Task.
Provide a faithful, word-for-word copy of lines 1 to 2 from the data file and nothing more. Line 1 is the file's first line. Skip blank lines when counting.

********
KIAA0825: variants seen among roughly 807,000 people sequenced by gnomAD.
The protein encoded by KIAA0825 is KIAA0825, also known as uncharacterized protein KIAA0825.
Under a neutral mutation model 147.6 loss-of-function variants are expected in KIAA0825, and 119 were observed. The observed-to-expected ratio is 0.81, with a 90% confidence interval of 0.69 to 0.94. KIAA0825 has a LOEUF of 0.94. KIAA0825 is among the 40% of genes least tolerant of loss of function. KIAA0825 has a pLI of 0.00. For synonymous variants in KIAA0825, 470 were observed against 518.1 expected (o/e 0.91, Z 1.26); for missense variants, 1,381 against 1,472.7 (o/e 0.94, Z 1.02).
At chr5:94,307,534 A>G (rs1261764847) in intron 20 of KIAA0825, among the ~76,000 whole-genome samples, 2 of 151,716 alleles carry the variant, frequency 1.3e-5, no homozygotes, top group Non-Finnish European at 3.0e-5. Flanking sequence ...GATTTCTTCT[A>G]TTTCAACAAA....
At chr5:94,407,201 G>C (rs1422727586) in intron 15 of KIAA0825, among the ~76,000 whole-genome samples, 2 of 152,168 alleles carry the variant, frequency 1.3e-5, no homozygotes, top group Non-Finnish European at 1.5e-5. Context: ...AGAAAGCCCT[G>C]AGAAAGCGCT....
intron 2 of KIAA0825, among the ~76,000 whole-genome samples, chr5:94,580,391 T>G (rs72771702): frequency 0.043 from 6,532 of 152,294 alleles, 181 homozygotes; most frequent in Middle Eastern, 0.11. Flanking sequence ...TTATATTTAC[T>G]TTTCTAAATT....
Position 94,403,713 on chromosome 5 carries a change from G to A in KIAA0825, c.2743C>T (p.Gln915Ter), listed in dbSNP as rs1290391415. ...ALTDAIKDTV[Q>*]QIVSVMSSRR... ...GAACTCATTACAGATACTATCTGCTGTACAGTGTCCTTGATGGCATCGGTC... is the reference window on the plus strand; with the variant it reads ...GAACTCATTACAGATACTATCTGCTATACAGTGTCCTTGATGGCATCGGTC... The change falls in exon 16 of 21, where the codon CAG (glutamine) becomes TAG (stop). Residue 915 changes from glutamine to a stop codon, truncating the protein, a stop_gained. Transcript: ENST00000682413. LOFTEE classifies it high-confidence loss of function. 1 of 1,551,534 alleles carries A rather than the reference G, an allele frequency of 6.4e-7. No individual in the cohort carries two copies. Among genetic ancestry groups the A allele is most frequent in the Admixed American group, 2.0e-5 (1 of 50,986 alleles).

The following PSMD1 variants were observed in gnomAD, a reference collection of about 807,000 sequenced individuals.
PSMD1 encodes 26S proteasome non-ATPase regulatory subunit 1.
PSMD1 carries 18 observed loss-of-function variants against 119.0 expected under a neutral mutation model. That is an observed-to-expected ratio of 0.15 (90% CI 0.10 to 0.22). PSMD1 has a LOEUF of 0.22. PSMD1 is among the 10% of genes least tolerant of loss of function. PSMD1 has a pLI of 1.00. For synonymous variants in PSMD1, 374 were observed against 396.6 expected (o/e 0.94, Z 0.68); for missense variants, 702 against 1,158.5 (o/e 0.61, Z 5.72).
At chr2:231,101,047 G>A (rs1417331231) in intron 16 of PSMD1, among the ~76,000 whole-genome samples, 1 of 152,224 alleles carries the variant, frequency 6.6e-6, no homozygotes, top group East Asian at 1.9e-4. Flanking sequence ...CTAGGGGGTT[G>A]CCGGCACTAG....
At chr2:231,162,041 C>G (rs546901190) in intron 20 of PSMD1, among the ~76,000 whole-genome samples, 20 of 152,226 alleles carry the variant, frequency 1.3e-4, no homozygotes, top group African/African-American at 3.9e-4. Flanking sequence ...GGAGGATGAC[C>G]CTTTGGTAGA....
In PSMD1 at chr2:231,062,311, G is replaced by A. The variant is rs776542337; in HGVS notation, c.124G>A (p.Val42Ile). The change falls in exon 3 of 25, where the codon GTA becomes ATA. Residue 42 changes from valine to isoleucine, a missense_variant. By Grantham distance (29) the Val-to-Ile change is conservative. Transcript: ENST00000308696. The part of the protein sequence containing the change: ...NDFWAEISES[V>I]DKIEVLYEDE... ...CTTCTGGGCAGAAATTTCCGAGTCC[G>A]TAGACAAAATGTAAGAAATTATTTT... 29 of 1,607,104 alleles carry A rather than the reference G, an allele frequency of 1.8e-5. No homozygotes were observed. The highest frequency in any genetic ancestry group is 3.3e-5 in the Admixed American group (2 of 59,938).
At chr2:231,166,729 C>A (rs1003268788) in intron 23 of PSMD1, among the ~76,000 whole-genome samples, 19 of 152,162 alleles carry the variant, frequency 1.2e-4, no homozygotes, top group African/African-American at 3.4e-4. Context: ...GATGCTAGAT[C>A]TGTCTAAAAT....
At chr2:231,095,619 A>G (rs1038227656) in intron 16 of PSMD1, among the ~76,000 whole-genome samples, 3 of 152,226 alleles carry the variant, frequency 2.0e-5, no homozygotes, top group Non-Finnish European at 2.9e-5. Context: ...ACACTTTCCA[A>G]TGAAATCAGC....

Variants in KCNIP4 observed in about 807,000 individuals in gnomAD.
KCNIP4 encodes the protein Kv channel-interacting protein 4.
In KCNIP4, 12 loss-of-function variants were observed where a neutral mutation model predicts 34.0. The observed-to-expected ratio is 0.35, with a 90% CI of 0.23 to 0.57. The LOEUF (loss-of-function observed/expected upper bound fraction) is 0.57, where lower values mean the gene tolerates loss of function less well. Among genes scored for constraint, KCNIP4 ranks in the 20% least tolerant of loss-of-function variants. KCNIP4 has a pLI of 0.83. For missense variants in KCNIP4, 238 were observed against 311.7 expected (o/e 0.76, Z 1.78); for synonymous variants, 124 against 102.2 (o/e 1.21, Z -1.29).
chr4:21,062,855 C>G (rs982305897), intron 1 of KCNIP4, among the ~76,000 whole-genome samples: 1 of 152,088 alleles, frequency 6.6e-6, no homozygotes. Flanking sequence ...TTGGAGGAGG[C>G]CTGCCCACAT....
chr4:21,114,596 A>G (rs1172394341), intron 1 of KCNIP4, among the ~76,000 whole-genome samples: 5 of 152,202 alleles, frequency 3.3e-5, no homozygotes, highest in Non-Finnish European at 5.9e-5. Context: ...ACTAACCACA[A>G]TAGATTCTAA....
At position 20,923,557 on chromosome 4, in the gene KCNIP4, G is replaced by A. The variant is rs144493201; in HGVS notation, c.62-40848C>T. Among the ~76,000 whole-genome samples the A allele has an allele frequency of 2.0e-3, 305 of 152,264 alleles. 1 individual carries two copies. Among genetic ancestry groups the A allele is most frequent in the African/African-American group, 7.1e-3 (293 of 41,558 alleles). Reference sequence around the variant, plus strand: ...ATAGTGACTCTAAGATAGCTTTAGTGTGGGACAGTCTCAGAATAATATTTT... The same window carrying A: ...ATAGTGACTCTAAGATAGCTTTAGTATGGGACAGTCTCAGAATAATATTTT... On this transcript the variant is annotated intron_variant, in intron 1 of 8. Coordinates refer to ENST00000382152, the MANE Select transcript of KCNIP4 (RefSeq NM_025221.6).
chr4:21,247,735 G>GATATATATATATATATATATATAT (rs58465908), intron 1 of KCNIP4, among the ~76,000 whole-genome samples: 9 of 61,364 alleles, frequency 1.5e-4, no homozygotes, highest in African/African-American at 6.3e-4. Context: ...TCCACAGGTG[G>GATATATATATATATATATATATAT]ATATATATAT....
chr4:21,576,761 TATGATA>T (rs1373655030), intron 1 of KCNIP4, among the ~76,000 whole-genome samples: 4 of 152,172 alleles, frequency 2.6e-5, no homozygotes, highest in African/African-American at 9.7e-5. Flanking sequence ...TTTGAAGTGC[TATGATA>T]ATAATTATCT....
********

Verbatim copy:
KIAA0825: variants seen among roughly 807,000 people sequenced by gnomAD.
The protein encoded by KIAA0825 is KIAA0825, also known as uncharacterized protein KIAA0825.